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  1.  (3731.1)
    As an individual that uses a blog to communicate my random ramblings into the written word and occasionally to attempt to spur conversation, I thought I would throw this idea to the community at Whitechapel.

    I see the word "blog" being used increasingly liberally and often to describe any user-generated content on the internet. The word is used in the mass-media to describe pictures on websites, audio recorded (podcasts), videos, and even text messages.

    As journalists and authors begin to write on the web increasingly, the word blog is starting to subsume the words "News" and "Fiction" in online writing.

    The mass-media loves to report on "blogs" and, I believe, is adding to the lumping of user-generated content into the all-encompassing word "blog"

    I wrote in greater length about this (ironically) on my blog, but I have two questions I want to ask to the members of Whitechapel:

    1) Do you see the use of the word "blog" being used to describe dissimilar things more often, subsuming the original ideas unique aspects?

    2) If so (or not) why does this bother you (or not)?
    • CommentTimeSep 28th 2008 edited
    Well, most of it stems from the fact that "blog" originally stood for "web log" which could be a record of just about anything. Link blogs, photo blogs, video blogs, the whole thing is open-ended. It's so Web 2.0 to say you have a blog, or even a blog about blogs. You could say that Wikipedia is the ultimate community blog, morphing to the whims of its (registered) users.

    I don't really see the dissimilarity at all, because when it comes down to it, a traditional blog is putting ideas in words on the internet. Whether you convey those words in a podcast, a video, a collection of links, or whatever, you're still generating some sort of message and posting it for the world to see. The problem most people have is that they're stuck in the old idiom of "internet as text-based media replacement" when its capable of disseminating any idea in any currently known form (and some of its own forms) instantaneously. It's not as rigid as, say, a monthly magazine, and some people have problems processing the fact that not all of their information is presented in one unified format. Your computer is a TV, a radio, a library, and its own thing all in one, and if you're not using it to its full potential then you're not really using it.

    Finally, you can't really say something about a regularly updated form of user-generated content "not being a blog" or whatever, because past the "regularly updated user-generated content" definition, what a blog "is" is nebulous at best. There is no set definition past that point. It doesn't care what format the information is in, so long as you're putting your mark on it or presenting it in your way (e.g., a linkblog or a video blog). I think that even a Twitter roll is a blog of some sort. If I post some IM conversation my friends and I had, how, or why, is that not a blog post? See what I mean? Trying to limit the definition of it is sort of limiting to the idea of a blog, in my mind.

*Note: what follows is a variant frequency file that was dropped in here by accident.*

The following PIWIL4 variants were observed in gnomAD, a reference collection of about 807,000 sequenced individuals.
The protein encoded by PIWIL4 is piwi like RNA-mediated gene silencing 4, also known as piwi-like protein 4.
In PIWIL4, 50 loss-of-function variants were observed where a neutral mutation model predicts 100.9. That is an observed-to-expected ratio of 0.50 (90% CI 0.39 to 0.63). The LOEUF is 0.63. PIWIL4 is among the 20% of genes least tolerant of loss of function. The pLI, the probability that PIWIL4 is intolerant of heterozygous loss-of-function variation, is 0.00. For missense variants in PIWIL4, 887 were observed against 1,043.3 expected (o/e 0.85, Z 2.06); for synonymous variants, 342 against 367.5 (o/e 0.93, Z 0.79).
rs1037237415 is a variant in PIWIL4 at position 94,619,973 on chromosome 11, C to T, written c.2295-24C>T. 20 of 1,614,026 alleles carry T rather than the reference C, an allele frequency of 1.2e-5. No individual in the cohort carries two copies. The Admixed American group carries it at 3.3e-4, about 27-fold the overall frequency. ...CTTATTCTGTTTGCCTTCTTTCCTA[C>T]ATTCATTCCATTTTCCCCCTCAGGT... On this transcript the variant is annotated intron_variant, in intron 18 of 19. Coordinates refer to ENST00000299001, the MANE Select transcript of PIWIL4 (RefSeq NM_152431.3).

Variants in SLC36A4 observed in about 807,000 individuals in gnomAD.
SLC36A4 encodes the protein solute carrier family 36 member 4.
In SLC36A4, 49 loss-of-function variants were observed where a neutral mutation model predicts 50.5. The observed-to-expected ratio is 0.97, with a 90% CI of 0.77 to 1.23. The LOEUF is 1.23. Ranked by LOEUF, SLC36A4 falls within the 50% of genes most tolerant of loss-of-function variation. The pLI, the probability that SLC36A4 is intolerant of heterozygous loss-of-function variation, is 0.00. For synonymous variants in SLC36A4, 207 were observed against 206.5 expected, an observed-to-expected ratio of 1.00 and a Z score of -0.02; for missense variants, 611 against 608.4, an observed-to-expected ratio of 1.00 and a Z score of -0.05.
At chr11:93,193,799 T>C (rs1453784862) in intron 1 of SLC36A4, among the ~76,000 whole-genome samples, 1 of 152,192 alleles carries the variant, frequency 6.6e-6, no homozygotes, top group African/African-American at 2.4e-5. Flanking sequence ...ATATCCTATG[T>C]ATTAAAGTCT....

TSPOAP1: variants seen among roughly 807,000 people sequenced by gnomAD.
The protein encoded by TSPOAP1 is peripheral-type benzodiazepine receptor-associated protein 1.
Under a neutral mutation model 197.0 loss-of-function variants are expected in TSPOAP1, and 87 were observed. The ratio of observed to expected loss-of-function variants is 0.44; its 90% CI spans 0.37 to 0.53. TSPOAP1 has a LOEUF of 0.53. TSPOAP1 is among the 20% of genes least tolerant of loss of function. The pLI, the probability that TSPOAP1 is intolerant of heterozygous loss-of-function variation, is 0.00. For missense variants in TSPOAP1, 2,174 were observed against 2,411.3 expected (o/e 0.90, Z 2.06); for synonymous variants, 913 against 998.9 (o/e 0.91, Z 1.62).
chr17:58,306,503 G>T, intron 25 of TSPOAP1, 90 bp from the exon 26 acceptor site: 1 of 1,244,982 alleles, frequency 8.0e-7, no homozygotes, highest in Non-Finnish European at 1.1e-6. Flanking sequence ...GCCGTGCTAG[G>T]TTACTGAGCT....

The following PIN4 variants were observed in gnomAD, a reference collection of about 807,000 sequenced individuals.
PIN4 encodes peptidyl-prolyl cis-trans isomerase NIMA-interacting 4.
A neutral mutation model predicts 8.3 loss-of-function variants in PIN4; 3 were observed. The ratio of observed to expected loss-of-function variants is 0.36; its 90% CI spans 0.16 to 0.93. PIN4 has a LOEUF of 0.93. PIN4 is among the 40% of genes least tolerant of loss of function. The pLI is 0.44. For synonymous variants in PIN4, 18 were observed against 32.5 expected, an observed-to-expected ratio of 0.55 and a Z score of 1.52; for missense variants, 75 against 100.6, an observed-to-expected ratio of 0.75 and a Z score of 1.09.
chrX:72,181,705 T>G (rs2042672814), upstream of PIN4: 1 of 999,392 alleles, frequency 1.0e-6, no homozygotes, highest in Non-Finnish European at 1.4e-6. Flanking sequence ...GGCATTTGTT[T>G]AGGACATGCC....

What does bother me is the pimping of traditional media's AMAZING NEW FEATURE-LADEN BLOG EXPLOSION on outlets like CNN or the NYT. We get it, guys. You're starting to understand the web. Welcome to five years ago. You've been supplanted.

    Also, I really hate people that pimp their own blogs whenever they can. Like this guy. Whoever he is he seems to think that it's some big deal that he got Ben Templesmith to chime in on his blog. Okay, it was me. Classic self-loather.

    EDIT: Just read your full post. I don't think your problem is with the word blog, it's the fact that it's used by people that don't know what a blog is in an attempt to make themselves look important and/or trendy. It's like your car mechanic giving you investment advice: sure, they might know a thing or two, but in reality, they've only got a slight idea of the intricacies involved. Any time a mainstream media personality pimps their blog or I hear/see mention of one from an outlet, I just ignore it. "Citizen journalists" may be the bane of "real journalists", but you're missing the point. The point isn't about what is or isn't a blog, or what content is deemed blog-appropriate, but it's the information flow between people, the communication. And that's why "real journalism" is failing; they're used to telling people the facts and being the unquestioned authority, and the "citizen journalists" are doing just as good a job by interacting rather than preaching.
  2.  (3731.3)
    The less times I hear the word blog before I die, the better. So yes, this IS a bad thing.
    • CommentTimeSep 29th 2008
    1) No
    2) Not sure why it would bother anyone anyway. Why do you care? I can't even imagine sitting around thinking about such a thing.
    • CommentTimeSep 29th 2008

    Anyone with a passing interest in mass communications and human interaction would likely try to figure out the trends as they're happening. It may seem silly, but once you get to a certain point of minutiae with any subject, anyone but those who really care about it will find it absurd to even question something that much.

    Example: fashion trends. Like I could really give two shits about the exact same belt made by two different designers. But some people do.